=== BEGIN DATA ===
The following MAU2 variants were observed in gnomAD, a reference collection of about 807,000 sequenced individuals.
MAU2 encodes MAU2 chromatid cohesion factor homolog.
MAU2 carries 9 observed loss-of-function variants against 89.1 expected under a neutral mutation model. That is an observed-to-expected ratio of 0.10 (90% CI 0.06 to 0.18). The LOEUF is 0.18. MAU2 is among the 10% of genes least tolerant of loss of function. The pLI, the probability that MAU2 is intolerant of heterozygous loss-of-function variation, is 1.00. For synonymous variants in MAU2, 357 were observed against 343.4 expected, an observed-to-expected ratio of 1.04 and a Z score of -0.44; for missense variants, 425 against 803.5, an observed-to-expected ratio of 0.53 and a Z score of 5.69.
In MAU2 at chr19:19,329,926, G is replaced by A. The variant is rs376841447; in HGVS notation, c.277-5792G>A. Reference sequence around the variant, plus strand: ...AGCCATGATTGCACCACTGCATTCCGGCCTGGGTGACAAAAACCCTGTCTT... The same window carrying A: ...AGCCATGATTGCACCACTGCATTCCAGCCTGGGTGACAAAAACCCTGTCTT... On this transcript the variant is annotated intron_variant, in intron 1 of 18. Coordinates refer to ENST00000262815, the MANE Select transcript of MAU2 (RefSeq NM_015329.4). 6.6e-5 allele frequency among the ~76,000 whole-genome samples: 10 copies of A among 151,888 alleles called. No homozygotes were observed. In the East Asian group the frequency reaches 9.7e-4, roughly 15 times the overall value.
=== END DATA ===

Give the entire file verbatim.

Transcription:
The following MAU2 variants were observed in gnomAD, a reference collection of about 807,000 sequenced individuals.
MAU2 encodes MAU2 chromatid cohesion factor homolog.
MAU2 carries 9 observed loss-of-function variants against 89.1 expected under a neutral mutation model. That is an observed-to-expected ratio of 0.10 (90% CI 0.06 to 0.18). The LOEUF is 0.18. MAU2 is among the 10% of genes least tolerant of loss of function. The pLI, the probability that MAU2 is intolerant of heterozygous loss-of-function variation, is 1.00. For synonymous variants in MAU2, 357 were observed against 343.4 expected, an observed-to-expected ratio of 1.04 and a Z score of -0.44; for missense variants, 425 against 803.5, an observed-to-expected ratio of 0.53 and a Z score of 5.69.
In MAU2 at chr19:19,329,926, G is replaced by A. The variant is rs376841447; in HGVS notation, c.277-5792G>A. Reference sequence around the variant, plus strand: ...AGCCATGATTGCACCACTGCATTCCGGCCTGGGTGACAAAAACCCTGTCTT... The same window carrying A: ...AGCCATGATTGCACCACTGCATTCCAGCCTGGGTGACAAAAACCCTGTCTT... On this transcript the variant is annotated intron_variant, in intron 1 of 18. Coordinates refer to ENST00000262815, the MANE Select transcript of MAU2 (RefSeq NM_015329.4). 6.6e-5 allele frequency among the ~76,000 whole-genome samples: 10 copies of A among 151,888 alleles called. No homozygotes were observed. In the East Asian group the frequency reaches 9.7e-4, roughly 15 times the overall value.